What medications are available to manage spasticity in patients with multiple sclerosis (MS)?

Updated: Oct 08, 2019
  • Author: Christopher Luzzio, MD; Chief Editor: Jasvinder Chawla, MD, MBA  more...
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Answer

Spasticity can be managed through nonpharmacologic means. Pharmacologic treatment of spasticity includes baclofen (Gablofen, Lioresal), which is particularly useful for the relief of flexor spasms and concomitant pain, clonus, and muscular rigidity in MS patients with reversible spasticity. Baclofen is effective in most cases, is inexpensive, and is titrated easily from 10-140 mg/day in divided doses. Adverse effects include fatigue and weakness.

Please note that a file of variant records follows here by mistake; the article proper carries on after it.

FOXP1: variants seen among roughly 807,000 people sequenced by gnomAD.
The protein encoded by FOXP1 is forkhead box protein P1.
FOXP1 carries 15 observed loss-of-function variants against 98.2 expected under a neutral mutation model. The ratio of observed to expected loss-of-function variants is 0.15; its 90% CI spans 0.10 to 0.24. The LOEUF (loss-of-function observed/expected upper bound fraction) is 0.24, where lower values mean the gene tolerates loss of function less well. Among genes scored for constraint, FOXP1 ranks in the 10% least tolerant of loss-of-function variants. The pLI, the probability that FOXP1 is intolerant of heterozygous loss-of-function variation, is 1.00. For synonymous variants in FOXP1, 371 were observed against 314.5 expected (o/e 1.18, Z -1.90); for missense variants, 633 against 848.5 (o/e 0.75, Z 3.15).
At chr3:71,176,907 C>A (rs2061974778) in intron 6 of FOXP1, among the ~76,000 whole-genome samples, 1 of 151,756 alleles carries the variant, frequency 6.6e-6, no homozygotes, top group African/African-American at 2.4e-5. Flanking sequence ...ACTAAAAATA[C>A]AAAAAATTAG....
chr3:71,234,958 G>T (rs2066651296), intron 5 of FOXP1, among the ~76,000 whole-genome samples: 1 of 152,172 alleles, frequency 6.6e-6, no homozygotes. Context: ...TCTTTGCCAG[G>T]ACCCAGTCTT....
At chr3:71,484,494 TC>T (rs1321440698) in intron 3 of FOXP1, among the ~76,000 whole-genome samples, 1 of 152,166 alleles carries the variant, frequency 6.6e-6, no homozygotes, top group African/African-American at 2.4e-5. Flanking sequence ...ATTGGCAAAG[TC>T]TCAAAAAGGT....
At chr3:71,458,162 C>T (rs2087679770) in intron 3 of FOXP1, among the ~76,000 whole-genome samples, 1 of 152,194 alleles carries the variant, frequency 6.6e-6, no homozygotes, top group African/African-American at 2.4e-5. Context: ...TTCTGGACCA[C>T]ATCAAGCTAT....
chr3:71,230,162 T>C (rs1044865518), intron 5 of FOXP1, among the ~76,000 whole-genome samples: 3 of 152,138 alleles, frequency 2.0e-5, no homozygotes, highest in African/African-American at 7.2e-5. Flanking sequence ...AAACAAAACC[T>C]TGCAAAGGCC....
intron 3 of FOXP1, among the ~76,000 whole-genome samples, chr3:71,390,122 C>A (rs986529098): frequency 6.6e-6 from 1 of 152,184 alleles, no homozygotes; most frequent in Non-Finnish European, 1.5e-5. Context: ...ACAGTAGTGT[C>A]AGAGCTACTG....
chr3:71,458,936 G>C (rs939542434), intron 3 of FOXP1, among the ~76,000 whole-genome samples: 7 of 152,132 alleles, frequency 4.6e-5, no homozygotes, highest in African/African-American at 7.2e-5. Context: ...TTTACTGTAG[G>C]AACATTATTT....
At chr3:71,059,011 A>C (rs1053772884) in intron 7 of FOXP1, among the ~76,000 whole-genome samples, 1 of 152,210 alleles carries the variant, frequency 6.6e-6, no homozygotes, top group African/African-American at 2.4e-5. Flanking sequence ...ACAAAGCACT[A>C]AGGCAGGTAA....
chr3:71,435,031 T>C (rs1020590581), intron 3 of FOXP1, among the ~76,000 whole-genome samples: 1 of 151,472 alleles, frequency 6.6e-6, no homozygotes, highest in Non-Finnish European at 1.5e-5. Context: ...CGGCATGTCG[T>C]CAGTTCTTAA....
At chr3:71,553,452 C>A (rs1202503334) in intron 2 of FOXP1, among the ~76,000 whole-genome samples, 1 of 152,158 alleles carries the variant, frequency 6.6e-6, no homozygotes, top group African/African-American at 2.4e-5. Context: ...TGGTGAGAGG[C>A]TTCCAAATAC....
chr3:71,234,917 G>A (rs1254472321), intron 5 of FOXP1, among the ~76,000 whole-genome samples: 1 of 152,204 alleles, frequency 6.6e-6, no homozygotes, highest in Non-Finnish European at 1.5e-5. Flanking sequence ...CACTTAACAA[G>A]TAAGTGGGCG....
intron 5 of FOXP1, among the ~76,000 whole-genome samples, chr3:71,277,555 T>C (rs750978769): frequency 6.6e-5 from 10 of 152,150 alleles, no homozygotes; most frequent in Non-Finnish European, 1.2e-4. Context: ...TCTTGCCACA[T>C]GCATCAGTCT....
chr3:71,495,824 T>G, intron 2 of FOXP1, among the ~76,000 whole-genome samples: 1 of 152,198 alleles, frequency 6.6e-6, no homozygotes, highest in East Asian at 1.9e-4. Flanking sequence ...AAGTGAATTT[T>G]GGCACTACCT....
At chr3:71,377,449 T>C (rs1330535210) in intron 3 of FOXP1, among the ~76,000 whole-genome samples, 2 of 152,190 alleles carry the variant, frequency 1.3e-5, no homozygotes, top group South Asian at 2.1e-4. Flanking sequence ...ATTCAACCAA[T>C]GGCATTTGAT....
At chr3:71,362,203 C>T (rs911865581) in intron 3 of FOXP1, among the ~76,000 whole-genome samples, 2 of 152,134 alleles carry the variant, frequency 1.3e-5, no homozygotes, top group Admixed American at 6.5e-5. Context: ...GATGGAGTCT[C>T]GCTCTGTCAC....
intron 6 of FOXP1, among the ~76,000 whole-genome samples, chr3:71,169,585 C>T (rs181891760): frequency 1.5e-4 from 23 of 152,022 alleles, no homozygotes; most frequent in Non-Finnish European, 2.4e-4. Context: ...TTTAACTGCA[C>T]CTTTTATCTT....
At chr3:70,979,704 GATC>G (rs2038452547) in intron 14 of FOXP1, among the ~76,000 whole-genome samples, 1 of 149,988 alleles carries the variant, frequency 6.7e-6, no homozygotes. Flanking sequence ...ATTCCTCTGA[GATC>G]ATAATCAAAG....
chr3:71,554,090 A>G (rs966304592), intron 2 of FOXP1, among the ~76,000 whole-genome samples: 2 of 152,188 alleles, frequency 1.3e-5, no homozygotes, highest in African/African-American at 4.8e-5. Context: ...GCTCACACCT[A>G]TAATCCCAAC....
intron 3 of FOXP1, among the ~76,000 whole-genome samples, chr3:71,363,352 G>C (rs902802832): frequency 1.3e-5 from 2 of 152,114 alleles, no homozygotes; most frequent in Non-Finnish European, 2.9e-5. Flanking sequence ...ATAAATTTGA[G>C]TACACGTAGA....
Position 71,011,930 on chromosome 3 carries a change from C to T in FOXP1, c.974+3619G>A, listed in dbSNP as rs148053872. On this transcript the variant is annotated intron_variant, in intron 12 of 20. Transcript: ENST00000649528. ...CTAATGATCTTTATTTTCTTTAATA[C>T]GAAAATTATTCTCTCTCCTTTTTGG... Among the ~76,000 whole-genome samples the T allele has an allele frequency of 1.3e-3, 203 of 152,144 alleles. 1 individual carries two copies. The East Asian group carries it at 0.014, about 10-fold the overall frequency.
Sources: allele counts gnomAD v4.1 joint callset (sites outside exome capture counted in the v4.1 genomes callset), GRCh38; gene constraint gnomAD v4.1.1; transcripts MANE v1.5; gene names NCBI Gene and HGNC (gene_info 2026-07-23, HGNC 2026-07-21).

Second-line agents include benzodiazepines (eg, diazepam, clonazepam). These agents can be sedating and habit-forming; however, for patients who also have sleep disorders, the sedative effects can be beneficial, allowing the clinician to manage the spasticity and the sleep problem with a single medication. For patients with cognitive impairment, benzodiazepines may be contraindicated due to their adverse CNS effects.


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